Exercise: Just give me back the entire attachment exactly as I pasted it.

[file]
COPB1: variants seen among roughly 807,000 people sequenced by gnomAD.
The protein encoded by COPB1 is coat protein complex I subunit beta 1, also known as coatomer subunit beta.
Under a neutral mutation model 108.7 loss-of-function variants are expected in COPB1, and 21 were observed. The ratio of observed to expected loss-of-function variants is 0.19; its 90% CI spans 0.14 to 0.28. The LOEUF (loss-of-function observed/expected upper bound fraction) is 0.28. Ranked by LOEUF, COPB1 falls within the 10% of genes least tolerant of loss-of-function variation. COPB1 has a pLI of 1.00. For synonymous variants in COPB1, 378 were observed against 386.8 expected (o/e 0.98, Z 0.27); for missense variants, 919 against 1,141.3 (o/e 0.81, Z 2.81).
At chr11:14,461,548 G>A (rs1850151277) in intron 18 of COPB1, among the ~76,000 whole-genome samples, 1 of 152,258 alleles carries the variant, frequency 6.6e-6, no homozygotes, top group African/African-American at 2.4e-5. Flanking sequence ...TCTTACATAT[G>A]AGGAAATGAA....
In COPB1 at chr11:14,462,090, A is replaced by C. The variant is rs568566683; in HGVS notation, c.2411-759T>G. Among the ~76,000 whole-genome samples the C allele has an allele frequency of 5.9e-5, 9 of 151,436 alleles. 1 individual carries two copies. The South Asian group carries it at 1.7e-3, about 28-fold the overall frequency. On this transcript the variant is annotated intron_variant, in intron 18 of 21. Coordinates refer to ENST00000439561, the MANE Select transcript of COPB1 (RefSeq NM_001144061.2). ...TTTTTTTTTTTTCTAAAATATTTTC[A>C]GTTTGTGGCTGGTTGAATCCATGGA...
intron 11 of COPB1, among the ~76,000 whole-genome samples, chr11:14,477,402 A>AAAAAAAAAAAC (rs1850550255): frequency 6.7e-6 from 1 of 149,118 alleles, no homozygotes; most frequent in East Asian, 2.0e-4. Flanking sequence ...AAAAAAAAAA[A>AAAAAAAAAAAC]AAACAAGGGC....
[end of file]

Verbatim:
COPB1: variants seen among roughly 807,000 people sequenced by gnomAD.
The protein encoded by COPB1 is coat protein complex I subunit beta 1, also known as coatomer subunit beta.
Under a neutral mutation model 108.7 loss-of-function variants are expected in COPB1, and 21 were observed. The ratio of observed to expected loss-of-function variants is 0.19; its 90% CI spans 0.14 to 0.28. The LOEUF (loss-of-function observed/expected upper bound fraction) is 0.28. Ranked by LOEUF, COPB1 falls within the 10% of genes least tolerant of loss-of-function variation. COPB1 has a pLI of 1.00. For synonymous variants in COPB1, 378 were observed against 386.8 expected (o/e 0.98, Z 0.27); for missense variants, 919 against 1,141.3 (o/e 0.81, Z 2.81).
At chr11:14,461,548 G>A (rs1850151277) in intron 18 of COPB1, among the ~76,000 whole-genome samples, 1 of 152,258 alleles carries the variant, frequency 6.6e-6, no homozygotes, top group African/African-American at 2.4e-5. Flanking sequence ...TCTTACATAT[G>A]AGGAAATGAA....
In COPB1 at chr11:14,462,090, A is replaced by C. The variant is rs568566683; in HGVS notation, c.2411-759T>G. Among the ~76,000 whole-genome samples the C allele has an allele frequency of 5.9e-5, 9 of 151,436 alleles. 1 individual carries two copies. The South Asian group carries it at 1.7e-3, about 28-fold the overall frequency. On this transcript the variant is annotated intron_variant, in intron 18 of 21. Coordinates refer to ENST00000439561, the MANE Select transcript of COPB1 (RefSeq NM_001144061.2). ...TTTTTTTTTTTTCTAAAATATTTTC[A>C]GTTTGTGGCTGGTTGAATCCATGGA...
intron 11 of COPB1, among the ~76,000 whole-genome samples, chr11:14,477,402 A>AAAAAAAAAAAC (rs1850550255): frequency 6.7e-6 from 1 of 149,118 alleles, no homozygotes; most frequent in East Asian, 2.0e-4. Flanking sequence ...AAAAAAAAAA[A>AAAAAAAAAAAC]AAACAAGGGC....